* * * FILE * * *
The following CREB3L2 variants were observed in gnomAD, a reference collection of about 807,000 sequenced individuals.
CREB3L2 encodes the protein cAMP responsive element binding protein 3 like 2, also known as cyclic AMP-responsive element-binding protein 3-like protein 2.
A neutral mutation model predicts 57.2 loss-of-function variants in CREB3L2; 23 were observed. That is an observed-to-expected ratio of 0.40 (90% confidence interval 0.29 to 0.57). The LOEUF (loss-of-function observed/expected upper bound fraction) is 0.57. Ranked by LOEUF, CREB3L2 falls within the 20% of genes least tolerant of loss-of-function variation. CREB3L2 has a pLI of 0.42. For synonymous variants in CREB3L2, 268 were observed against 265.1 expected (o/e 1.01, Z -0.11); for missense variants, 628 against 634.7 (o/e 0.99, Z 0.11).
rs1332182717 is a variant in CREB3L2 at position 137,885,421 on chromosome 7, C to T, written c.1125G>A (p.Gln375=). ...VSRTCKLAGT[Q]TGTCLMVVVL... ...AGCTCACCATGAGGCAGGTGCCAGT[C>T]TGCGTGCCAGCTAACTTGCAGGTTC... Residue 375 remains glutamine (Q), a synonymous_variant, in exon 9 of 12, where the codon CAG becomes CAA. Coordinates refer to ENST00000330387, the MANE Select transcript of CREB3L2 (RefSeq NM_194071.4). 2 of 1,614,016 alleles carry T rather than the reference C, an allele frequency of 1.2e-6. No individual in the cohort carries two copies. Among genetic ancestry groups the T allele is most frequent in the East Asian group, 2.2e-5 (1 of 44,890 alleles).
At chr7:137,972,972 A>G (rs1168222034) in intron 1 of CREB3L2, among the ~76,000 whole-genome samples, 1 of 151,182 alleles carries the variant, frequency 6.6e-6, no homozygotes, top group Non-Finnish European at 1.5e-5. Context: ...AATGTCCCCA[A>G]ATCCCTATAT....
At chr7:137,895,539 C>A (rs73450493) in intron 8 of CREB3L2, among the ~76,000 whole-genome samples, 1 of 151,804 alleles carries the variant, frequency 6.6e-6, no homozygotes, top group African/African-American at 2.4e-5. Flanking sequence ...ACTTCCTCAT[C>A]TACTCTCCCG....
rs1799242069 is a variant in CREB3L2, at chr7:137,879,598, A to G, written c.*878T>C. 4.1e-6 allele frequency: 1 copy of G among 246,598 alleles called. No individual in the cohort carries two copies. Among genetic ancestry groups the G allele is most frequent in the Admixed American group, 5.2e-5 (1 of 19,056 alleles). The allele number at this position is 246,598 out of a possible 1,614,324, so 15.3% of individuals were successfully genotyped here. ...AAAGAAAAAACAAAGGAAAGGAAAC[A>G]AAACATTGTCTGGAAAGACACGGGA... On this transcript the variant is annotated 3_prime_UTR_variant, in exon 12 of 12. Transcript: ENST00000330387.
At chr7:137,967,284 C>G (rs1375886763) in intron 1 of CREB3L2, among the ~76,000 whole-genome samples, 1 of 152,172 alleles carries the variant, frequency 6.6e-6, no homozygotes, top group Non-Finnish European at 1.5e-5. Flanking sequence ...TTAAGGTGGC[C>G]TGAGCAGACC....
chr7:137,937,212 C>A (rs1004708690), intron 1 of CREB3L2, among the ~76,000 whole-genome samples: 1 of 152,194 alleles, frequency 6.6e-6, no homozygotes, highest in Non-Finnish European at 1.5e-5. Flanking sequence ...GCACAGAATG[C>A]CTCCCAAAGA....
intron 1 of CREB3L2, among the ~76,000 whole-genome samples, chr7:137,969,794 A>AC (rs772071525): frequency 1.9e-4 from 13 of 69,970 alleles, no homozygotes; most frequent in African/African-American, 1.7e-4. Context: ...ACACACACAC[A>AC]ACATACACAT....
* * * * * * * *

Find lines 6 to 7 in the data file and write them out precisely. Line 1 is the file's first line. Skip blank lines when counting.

At chr7:137,895,539 C>A (rs73450493) in intron 8 of CREB3L2, among the ~76,000 whole-genome samples, 1 of 151,804 alleles carries the variant, frequency 6.6e-6, no homozygotes, top group African/African-American at 2.4e-5. Flanking sequence ...ACTTCCTCAT[C>A]TACTCTCCCG....
rs1799242069 is a variant in CREB3L2, at chr7:137,879,598, A to G, written c.*878T>C. 4.1e-6 allele frequency: 1 copy of G among 246,598 alleles called. No individual in the cohort carries two copies. Among genetic ancestry groups the G allele is most frequent in the Admixed American group, 5.2e-5 (1 of 19,056 alleles). The allele number at this position is 246,598 out of a possible 1,614,324, so 15.3% of individuals were successfully genotyped here. ...AAAGAAAAAACAAAGGAAAGGAAAC[A>G]AAACATTGTCTGGAAAGACACGGGA... On this transcript the variant is annotated 3_prime_UTR_variant, in exon 12 of 12. Transcript: ENST00000330387.